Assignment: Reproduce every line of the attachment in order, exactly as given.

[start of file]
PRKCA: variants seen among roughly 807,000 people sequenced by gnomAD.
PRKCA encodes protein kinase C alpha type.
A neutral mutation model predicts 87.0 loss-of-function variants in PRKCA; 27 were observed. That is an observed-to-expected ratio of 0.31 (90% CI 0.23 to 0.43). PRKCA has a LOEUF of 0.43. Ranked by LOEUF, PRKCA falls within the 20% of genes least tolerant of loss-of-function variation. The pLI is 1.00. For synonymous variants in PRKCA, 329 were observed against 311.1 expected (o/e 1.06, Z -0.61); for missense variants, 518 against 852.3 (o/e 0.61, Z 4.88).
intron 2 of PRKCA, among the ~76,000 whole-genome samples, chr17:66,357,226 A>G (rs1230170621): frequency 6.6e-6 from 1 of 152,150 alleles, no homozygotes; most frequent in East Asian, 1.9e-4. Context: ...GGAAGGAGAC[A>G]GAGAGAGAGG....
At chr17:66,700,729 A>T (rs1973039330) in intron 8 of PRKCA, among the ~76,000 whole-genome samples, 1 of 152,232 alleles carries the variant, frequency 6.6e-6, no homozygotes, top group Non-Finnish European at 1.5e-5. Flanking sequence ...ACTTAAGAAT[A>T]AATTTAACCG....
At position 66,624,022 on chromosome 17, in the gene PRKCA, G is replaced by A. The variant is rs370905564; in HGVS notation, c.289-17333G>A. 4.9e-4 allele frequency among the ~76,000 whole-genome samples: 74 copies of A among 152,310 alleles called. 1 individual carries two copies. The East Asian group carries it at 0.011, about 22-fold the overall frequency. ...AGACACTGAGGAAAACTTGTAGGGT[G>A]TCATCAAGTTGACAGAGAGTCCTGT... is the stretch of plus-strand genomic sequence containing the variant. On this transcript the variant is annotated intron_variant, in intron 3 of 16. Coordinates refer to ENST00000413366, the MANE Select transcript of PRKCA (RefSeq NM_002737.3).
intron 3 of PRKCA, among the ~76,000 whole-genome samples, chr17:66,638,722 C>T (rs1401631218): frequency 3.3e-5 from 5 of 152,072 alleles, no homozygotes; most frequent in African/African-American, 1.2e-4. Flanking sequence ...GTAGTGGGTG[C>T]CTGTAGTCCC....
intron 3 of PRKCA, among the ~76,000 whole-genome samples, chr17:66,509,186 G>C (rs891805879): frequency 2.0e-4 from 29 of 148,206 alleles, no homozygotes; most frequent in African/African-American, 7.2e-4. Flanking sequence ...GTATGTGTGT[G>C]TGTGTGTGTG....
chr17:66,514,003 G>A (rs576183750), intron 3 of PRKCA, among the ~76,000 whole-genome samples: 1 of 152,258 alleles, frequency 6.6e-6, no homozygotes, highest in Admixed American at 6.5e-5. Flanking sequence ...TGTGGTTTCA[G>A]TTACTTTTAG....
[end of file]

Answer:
PRKCA: variants seen among roughly 807,000 people sequenced by gnomAD.
PRKCA encodes protein kinase C alpha type.
A neutral mutation model predicts 87.0 loss-of-function variants in PRKCA; 27 were observed. That is an observed-to-expected ratio of 0.31 (90% CI 0.23 to 0.43). PRKCA has a LOEUF of 0.43. Ranked by LOEUF, PRKCA falls within the 20% of genes least tolerant of loss-of-function variation. The pLI is 1.00. For synonymous variants in PRKCA, 329 were observed against 311.1 expected (o/e 1.06, Z -0.61); for missense variants, 518 against 852.3 (o/e 0.61, Z 4.88).
intron 2 of PRKCA, among the ~76,000 whole-genome samples, chr17:66,357,226 A>G (rs1230170621): frequency 6.6e-6 from 1 of 152,150 alleles, no homozygotes; most frequent in East Asian, 1.9e-4. Context: ...GGAAGGAGAC[A>G]GAGAGAGAGG....
At chr17:66,700,729 A>T (rs1973039330) in intron 8 of PRKCA, among the ~76,000 whole-genome samples, 1 of 152,232 alleles carries the variant, frequency 6.6e-6, no homozygotes, top group Non-Finnish European at 1.5e-5. Flanking sequence ...ACTTAAGAAT[A>T]AATTTAACCG....
At position 66,624,022 on chromosome 17, in the gene PRKCA, G is replaced by A. The variant is rs370905564; in HGVS notation, c.289-17333G>A. 4.9e-4 allele frequency among the ~76,000 whole-genome samples: 74 copies of A among 152,310 alleles called. 1 individual carries two copies. The East Asian group carries it at 0.011, about 22-fold the overall frequency. ...AGACACTGAGGAAAACTTGTAGGGT[G>A]TCATCAAGTTGACAGAGAGTCCTGT... is the stretch of plus-strand genomic sequence containing the variant. On this transcript the variant is annotated intron_variant, in intron 3 of 16. Coordinates refer to ENST00000413366, the MANE Select transcript of PRKCA (RefSeq NM_002737.3).
intron 3 of PRKCA, among the ~76,000 whole-genome samples, chr17:66,638,722 C>T (rs1401631218): frequency 3.3e-5 from 5 of 152,072 alleles, no homozygotes; most frequent in African/African-American, 1.2e-4. Flanking sequence ...GTAGTGGGTG[C>T]CTGTAGTCCC....
intron 3 of PRKCA, among the ~76,000 whole-genome samples, chr17:66,509,186 G>C (rs891805879): frequency 2.0e-4 from 29 of 148,206 alleles, no homozygotes; most frequent in African/African-American, 7.2e-4. Flanking sequence ...GTATGTGTGT[G>C]TGTGTGTGTG....
chr17:66,514,003 G>A (rs576183750), intron 3 of PRKCA, among the ~76,000 whole-genome samples: 1 of 152,258 alleles, frequency 6.6e-6, no homozygotes, highest in Admixed American at 6.5e-5. Flanking sequence ...TGTGGTTTCA[G>A]TTACTTTTAG....